On a high: Why Thailand will distribute one million free cannabis plants to homes – Firstpost

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From June, Thailand will allow people to grow cannabis at home. It’s all part of the plan to promote cannabis as a cash crop and develop a new wellness industry around medical marijuana
A journalist takes a selfie with a cannabis plant at the Government Pharmaceuticals Organisation medicinal marijuana greenhouse outside Chon Buri, south of Bangkok. AFP
In Thailand, every day can be Weed Day come June. The government will distribute one million free cannabis plants to households across the country next month. But why?
From 9 June, a new rule comes into force in Thailand which allows people to grow cannabis at home. The country’s public health minister, who has spearheaded Thailand’s drive to decriminalise cannabis, said the government will distribute the plants for free next month when most legal restrictions on production and possession of the drug are lifted next month.
Announcing the decision earlier this month on Facebook, Public Health Minister Anutin Charnvirakul said that he intended for cannabis plants to be grown like “household crops”.
Thailand’s Public Health Minister Anutin Charnvirakul said that he wants cannabis plants to be grown as household crops. AP
For medical purposes only
People can grow cannabis plants at home but it’s important that they notify the local government. Moreover, the plants have to be of medical grade and used exclusively for medicinal purposes.
Using all parts of cannabis plants, including flowers and seeds, will be allowed. However, extracted content will remain illegal if it contains more than 0.2 per cent of the psychoactive ingredient that produces a “high” — tetrahydrocannabinol, or THC, reports The Associated Press.
Homegrown marijuana cannot be used for commercial purposes without obtaining the necessary licences.
However, Thai officials have not explained how the conditions can be enforced. While announcing that 1 million cannabis plants would be handed out beginning in June, Charnvirakul said that people would be able to grow as many as they like in their homes.
Relaxing rules around marijuana
The minister signed a measure in February officially dropping cannabis from a list of controlled drugs. It was yet another step by Thailand to promote cannabis as a cash crop in a country where about a third of its labour force works in agriculture.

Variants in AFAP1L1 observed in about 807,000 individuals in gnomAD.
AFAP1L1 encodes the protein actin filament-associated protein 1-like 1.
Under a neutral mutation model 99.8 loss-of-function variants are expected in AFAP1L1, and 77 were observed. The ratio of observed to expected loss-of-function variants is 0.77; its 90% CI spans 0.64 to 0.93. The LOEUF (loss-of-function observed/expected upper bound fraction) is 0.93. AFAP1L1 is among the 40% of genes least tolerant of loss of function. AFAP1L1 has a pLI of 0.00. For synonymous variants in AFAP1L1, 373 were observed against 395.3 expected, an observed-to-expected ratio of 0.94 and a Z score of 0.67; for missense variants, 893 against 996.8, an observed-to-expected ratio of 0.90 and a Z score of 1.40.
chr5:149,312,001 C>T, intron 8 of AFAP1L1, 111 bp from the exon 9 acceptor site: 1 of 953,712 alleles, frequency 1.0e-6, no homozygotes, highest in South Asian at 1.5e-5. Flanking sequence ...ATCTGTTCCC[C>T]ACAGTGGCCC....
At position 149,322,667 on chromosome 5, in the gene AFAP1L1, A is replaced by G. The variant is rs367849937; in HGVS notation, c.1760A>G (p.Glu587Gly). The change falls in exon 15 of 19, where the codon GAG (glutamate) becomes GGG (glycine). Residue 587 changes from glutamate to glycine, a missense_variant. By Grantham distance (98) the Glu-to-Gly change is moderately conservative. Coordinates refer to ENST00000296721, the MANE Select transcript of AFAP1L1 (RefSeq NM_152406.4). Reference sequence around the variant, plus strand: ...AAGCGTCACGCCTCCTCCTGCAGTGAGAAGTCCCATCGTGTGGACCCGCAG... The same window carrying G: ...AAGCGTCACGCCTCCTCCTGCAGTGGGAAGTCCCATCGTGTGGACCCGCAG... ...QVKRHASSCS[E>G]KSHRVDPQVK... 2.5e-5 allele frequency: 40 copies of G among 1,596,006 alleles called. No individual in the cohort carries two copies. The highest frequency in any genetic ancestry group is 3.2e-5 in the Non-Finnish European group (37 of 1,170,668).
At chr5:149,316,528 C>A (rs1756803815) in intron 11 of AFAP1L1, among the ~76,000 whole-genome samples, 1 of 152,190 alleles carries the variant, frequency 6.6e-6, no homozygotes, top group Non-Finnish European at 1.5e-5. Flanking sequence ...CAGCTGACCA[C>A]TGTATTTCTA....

Thailand became the first country in Southeast Asia in 2018 to legalise cannabis for medical research and use. Since then several restrictions have been eased.
The country has also loosened local laws around cannabis. Thai drinks and cosmetics companies last year rushed to launch products with hemp and CBD, a compound that does not give users a high after their use was approved for consumer goods, reports CNN.
A vendor sells macarons containing cannabis at a fair in Bangkok. AFP
The business side of things
In a Facebook post on 10 May, Charnvirakul said that Thai companies registered to do so could sell cannabis products that contained less than 0.2 THC. “This will enable people and the government to generate more than 10 billion baht per year in revenue from marijuana and hemp,” he wrote.
Thai officials hope that a major new cannabis industry will blossom, not only generating hundreds of millions of dollars directly each year, but also attracting foreign tourists, who have only recently begun returning in large numbers after being largely absent during the coronavirus pandemic.
However, large-scale businesses will still be required to seek permission from the country’s Food and Drug Administration (FDA). It received about 4,700 applications just last month for licenses to import, possess, grow and produce cannabis and hemp, reports the Bangkok Post.
Recreational marijuana
However, recreational use of marijuana still remains illegal in the country.
And while delisting cannabis is the first step, authorities are also exploring the idea of a “cannabis sandbox” that would allow tourists to visit the country while recreationally using cannabis in select areas, to help create destinations synonymous with the drug, Guardian reports quoting local Thai media.
In 2019, 39.9 million tourists visited Thailand. It’s estimated that 27.7 million will visit for the purpose of health and wellness in 2022, putting expenditure on health and wellness tourism at $2.5bn. The country’s recreational cannabis market has the potential to be worth $424m by 2024, according to cannabis research firm Prohibition Partners, says the report.
With inputs from agencies

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